|A black body. Public domain image. SOURCE.|
The name quantum comes from the Latin word for "how much". This field was developed because classical (or Newtonian) physics doesn't apply to atomic particles; radiation from black bodies (a black body absorbs and then emits all radiation that reaches it) could not be explained by it, or by electromagnetic theory. In 1900, Max Planck came up with a theory that explained the radiation from observed black bodies, and it proposed that electromagnetic radiation comes in quanta.
There are several important ideas to quantum physics:
1. The Copenhagen Interpretation. Created by Niels Bohr, it states that nothing exists until it is measured.
2. The collapse of the wave function. The wave function--which was created by Erwin Schrodinger--of a particle "collapses" into one of all possibilities when observed.
3. The Heisenberg Uncertainty Principle. Invented by Werner Heisenberg, the principle explains that either the momentum or the position of a particle, but not both, can ever be determined.
4. The EPR Paradox. Named after Albert Einstein, Boris Podolsky, and Nathan Rosen, it was an attempt to dismantle the Copenhagen Interpretation; the basic idea is that if a pair of particles have opposite spin and you measure one of the two, the other particle immediately acquires the opposite spin, faster than the speed of light.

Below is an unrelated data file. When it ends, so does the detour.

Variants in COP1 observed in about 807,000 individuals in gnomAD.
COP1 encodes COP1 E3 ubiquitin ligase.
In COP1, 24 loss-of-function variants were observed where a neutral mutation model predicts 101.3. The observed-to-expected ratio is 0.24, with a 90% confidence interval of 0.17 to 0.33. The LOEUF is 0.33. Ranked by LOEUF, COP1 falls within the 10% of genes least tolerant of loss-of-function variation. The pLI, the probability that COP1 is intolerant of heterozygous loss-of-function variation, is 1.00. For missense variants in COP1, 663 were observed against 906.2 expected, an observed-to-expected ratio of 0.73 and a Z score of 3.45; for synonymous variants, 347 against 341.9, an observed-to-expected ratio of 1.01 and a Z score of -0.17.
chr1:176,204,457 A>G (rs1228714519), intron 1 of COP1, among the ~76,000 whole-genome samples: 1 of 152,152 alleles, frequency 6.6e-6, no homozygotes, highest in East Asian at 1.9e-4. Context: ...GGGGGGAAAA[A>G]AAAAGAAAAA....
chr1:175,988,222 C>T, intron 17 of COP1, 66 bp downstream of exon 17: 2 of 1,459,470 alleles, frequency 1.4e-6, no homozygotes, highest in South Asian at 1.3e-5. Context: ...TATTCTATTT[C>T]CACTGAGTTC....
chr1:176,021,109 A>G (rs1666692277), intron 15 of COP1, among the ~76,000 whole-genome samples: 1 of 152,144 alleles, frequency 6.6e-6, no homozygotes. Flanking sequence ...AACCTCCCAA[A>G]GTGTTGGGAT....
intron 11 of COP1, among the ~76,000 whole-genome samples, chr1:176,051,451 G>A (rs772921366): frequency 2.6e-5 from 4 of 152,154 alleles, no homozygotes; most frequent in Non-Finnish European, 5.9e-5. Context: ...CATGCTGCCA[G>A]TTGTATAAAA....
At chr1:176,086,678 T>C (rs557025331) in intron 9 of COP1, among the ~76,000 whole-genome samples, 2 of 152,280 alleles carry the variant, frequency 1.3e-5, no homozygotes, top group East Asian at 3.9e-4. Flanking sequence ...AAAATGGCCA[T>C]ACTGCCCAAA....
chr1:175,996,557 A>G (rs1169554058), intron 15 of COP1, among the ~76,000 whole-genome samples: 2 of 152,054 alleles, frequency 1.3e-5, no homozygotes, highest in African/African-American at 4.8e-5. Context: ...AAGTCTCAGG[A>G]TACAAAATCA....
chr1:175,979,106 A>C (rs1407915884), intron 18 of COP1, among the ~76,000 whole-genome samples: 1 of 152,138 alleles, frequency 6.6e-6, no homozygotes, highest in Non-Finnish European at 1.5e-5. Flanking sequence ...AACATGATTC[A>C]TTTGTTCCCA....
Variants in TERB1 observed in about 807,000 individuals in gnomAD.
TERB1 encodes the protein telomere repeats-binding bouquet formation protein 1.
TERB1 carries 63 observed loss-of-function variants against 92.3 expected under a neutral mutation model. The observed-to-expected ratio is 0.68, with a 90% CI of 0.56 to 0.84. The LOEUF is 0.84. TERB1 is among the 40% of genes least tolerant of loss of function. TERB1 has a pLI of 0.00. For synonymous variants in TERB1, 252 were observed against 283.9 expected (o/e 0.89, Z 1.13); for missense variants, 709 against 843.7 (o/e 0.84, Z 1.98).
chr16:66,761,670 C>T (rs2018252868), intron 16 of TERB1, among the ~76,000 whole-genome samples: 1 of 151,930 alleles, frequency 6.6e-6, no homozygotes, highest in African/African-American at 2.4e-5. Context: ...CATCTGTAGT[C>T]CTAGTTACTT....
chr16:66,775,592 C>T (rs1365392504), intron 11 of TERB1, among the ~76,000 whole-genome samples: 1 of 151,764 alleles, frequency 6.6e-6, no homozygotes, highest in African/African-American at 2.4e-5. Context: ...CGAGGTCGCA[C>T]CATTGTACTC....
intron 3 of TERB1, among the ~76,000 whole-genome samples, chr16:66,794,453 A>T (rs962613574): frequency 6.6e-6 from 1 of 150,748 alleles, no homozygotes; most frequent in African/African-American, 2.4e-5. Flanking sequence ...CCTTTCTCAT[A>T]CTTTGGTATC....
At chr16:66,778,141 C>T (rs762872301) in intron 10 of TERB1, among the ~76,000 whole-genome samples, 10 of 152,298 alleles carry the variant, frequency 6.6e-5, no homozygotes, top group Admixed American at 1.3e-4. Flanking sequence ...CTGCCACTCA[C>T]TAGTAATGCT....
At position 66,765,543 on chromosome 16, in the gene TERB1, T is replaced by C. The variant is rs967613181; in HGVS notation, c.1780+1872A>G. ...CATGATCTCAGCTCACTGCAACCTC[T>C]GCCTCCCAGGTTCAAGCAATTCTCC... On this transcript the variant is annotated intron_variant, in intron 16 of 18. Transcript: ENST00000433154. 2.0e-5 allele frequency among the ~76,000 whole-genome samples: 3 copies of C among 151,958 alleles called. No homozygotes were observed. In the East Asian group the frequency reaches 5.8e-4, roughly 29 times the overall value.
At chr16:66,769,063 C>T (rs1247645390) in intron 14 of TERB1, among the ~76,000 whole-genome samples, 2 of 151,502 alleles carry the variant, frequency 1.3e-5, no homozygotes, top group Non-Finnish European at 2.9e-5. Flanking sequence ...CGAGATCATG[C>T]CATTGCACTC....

5. The infinity problem. This is a mathematical hang-up where in quantum electrodynamics (QED), if you try to solve Schrodinger's aforementioned wave function, you end up with an electron with infinite mass, energy, and charge, a clear impossibility.
But that's not all. Due to problems with the Copenhagen Interpretation, there is another, competing quantum theory. The Many Worlds Theory, presented by Hugh Everett III in 1957, proposes that there are as many universes as there are possibilities; that every time a measurement is taken, the universe splits into one where the measurement occurred, and many more where the measurement resulted with all the other probabilities. In the case of a particle with two possible states, the universe would divide twice.
Brian Greene is a professor of physics and mathematics at Columbia University who obtained a Ph.D. from Oxford University. He made a series of discoveries in superstring theory (which tries to bring together quantum theory and general relativity into a single unified theory) and topology change (the idea that the fabric of space can split). He is the author of The Elegant Universe, The Fabric of the Cosmos, The Hidden Reality, and Icarus at the Edge of Time. He was the host of the PBS NOVA programs The Elegant Universe and The Fabric of the Cosmos, both based on his books. He also co-founded the annual World Science Festival in 2008.
A short video of Brian Green explaining quantum physics:
So, which do you champion: the Copenhagen Interpretation or the Many Worlds Theory? Do you think we'll ever find a definitive answer?
-----The Golden Eagle